It’s hard to imagine it’s been a mere two years since rumors began to circulate that there was a tape –a dangerous tape. Then Jove Francisco wrote When does “Hello” mean goodbye? And the PCIJ wrote The Palace and the Tape, and I wrote The “Hello” heard ’round the world, beginning a personal odyssey (see Media can’t be held liable for releasing tapes and A happy shrewdness, Machiavelli suggests; and recall the two truncated versions of the tapes and the eventual full, three-hour version) that culminated in my online manifesto, Where I stand, on June 16, 2005. From there, it was, perhaps, inevitable that I’d decide on the course of action I proposed in Redemption, June 30, 2005,when I added my voice to those calling for the President’s resignation.
Last year, my reflection on the sad Sixth of June was What we’ve learned: the tapes. This year, I only want to offer up a brief reflection. It’s really one involving the clash of two book ideas. On the one hand, there’s the quest for, and expectation of, The Tipping Point; on the other, the idea of The Wisdom of Crowds. For those of us who took sides, particularly in 2005-2006, it was always a tipping point that was the Holy Grail; but as things turned out from 2005, culminating in the May 2007 elections, what’s been demonstrated is the wisdom of crowds -the whole, comprising the partisan and the non-partisan.
As always, we have to keep looking back to what’s happened in the past: back in 2000-2001there were those who called for Joseph Estrada’s resignation; but the majority of Filipinos preferred constitutional options and to wait-and-see, specifically, public opinion weighed heavily on the side of acting as juror-spectators as the senate took on its role as senator-judges in the impeachment. May 2001 and May 2004 also saw the passions of Edsa Dos and Tres channeled to the preferred arena for settling political combat, as far as the public’s concerned: elections.
From 2005-2006, even as many groups sought a tipping point, the public, in survey after survey, expressed itself, on the whole, firmly on the side of constitutional paths. Impeachment was the majority-preferred option, just as, at one point in 2005, resignation (a thoroughly constitutional option, we forget) was the preferred solution of a majority of the public. What the public expressed itself against was a purely military solution, or even the revival of People Power on the streets; but also, later, it would express itself as firmly against extremes even within the constitutional system: against a Senate that investigated but didn’t legislate, against a presidency that claimed too much power and ignored other branches of government.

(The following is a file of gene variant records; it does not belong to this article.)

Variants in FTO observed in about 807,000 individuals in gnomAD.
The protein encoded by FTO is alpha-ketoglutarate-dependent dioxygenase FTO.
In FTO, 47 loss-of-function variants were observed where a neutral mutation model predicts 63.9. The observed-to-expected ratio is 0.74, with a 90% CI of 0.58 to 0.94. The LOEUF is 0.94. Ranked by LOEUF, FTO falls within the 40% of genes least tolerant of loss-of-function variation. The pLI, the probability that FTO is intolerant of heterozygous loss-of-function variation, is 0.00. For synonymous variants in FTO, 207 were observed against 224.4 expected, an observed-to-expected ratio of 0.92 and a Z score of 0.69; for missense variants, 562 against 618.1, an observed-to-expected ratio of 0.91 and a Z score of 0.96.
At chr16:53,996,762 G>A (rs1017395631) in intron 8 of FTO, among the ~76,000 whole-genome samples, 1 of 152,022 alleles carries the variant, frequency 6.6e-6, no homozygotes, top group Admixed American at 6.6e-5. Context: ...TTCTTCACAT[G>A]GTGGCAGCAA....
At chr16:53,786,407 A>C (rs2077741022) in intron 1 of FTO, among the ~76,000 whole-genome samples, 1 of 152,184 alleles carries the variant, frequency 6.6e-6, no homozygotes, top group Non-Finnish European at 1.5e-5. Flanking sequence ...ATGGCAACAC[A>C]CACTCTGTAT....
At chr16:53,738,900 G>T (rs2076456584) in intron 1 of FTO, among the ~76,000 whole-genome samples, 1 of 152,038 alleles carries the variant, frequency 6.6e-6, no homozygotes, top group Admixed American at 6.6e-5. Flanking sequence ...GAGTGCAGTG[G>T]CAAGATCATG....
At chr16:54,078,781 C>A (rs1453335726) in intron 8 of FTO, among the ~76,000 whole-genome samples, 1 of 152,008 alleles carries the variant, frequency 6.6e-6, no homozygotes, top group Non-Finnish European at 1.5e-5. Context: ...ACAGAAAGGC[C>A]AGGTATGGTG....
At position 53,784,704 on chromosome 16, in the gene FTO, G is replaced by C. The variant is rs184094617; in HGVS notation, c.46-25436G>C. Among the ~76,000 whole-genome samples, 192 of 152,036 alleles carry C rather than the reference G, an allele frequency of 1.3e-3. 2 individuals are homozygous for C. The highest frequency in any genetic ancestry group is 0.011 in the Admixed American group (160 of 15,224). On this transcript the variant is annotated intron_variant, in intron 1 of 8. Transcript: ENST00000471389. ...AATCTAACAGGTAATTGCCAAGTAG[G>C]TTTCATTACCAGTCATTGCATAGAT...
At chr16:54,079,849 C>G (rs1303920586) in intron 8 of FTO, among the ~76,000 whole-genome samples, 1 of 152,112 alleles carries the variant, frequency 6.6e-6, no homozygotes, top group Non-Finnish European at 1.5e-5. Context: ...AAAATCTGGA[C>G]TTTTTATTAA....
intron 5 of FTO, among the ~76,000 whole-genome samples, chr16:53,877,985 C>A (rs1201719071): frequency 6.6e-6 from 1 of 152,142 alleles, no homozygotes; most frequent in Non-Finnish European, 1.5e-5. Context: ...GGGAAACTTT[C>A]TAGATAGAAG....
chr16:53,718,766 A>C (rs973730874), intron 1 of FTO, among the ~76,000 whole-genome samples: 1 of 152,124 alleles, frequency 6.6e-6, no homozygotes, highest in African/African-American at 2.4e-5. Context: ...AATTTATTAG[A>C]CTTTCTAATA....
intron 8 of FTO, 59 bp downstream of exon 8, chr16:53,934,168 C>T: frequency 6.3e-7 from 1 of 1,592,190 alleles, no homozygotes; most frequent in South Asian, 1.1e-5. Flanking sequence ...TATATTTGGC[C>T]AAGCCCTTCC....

This is what I mean by the wisdom of crowds. Those of us who took partisan positions have a role to play, but in the end -and it’s at times breathtakingly beautiful to me, to pause, take stock, and realize this- the devotion of our country as a whole, is doggedly, unbudgingly, sensibly, for the democratic path. Partisan lines came closest to blurring in December, 2006, when it seemed elections themselves might be postponed if not canceled; and we’ve seen the May elections finally settle what the public opinion polls could only hint at: where does the country, as a whole, stand? On the whole, not even for or against the President, but firmly on the side of checks-and-balance. And we can even expect a certain kind of renewed stability, if only the powers-that-be could read this message. Sad to say, I think what we have ahead of us will be government-provoked destabilization, as today’s Inquirer editorial spells out.
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